Since the conclusion of the Iran nuclear deal last year, Iran’s rulers have consistently rebuffed President Barack Obama’s efforts at engagement and continued to exploit his weakness. Iran’s Supreme Leader Ali Khamenei has used the billions of dollars Iran received under the deal to increase military spending, advance Iran’s missile program and wreak havoc across the Middle East. Tehran has detained American sailors in violation of its international commitments, kidnapped a growing number of Americans and expanded its financing of terror, all with no repercussions. Instead, the mullahs have been rewarded, even securing a $1.7 billion payment from the Obama administration, including $400 million in cash flown in on a plane, which served as a poorly disguised ransom payment for American hostages.
Congress has a responsibility to act on this matter. If it does not, it would send a signal to America’s enemies that our government no longer takes seriously its longstanding refusal to pay ransom for hostages. That’s a disturbing thought. As a senator, I have worked to help many families whose loved ones have been taken hostage by foreign governments or terrorist groups. The No Ransom Payments Act will prevent this president or any future president from paying ransoms and ensure that American victims of Iranian terrorism are paid first, before the regime in Tehran can claim settlements.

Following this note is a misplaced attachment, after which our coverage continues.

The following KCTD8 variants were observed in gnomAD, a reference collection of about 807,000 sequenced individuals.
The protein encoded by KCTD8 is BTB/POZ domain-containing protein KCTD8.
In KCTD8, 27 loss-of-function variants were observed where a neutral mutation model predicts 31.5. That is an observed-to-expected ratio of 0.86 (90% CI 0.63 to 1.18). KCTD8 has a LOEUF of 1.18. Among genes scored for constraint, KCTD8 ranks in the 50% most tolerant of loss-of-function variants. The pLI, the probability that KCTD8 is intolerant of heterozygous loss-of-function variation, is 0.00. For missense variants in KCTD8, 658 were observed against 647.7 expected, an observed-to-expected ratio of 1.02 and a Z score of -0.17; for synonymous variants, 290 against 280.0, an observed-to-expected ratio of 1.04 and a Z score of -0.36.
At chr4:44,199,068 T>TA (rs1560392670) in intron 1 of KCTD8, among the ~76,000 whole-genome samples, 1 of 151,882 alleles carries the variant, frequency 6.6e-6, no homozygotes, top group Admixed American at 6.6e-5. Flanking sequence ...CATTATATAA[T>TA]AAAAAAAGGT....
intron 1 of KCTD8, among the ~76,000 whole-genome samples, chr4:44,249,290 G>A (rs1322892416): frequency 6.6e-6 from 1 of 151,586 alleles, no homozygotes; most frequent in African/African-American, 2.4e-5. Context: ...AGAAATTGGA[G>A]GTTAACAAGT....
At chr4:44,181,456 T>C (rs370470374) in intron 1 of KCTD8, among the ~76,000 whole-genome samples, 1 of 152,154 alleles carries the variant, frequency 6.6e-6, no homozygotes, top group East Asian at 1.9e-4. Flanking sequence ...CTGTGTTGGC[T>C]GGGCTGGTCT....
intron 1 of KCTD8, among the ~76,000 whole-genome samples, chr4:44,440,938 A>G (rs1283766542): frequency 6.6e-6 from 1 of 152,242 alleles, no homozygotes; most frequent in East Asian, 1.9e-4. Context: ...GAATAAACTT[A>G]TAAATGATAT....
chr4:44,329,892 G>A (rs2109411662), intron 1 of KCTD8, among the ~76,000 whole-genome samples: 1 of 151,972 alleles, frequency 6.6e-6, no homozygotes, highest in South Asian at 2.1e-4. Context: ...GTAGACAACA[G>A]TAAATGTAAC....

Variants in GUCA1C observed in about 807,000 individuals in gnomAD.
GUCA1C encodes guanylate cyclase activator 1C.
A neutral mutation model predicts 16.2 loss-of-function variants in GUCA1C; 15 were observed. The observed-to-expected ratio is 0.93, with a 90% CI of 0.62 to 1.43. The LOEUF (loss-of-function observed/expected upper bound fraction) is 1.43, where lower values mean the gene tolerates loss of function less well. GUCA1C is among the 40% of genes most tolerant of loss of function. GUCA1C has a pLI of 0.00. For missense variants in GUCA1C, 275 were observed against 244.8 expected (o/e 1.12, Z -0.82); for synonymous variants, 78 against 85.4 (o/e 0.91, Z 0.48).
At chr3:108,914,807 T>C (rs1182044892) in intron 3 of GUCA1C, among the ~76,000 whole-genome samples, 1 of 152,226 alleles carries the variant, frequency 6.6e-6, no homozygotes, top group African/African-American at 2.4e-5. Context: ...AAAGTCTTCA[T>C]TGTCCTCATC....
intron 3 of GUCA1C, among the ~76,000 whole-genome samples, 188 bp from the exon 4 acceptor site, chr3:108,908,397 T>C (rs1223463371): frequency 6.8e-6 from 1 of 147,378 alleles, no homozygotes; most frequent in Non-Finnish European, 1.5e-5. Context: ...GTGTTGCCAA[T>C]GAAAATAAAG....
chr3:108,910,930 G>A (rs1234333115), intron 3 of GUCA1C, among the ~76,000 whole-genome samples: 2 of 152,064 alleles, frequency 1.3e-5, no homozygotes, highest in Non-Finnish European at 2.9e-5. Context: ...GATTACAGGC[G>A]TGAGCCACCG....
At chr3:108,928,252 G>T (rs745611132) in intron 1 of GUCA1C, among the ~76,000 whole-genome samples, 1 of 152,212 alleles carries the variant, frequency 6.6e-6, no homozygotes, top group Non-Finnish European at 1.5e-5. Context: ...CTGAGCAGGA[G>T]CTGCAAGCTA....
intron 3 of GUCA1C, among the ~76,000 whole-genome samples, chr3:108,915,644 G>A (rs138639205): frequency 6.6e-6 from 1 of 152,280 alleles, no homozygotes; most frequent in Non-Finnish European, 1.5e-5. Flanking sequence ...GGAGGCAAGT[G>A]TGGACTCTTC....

This month, the House is expected to vote on a similar measure to prevent any such dangerous ransom payments in the future. This will be yet another opportunity for those misguided individuals who have supported the Iran deal in the past to acknowledge it is a mistake of epic proportions, built on lies, that will only enrich this terrorist regime in Iran and help pave the way for it to acquire nuclear weapons. The Senate must vote on the Iran ransom payment as well so we can finally begin to hold the administration accountable for its lies. This is a precedent-setting matter that I believe deserves the full attention of Congress this month.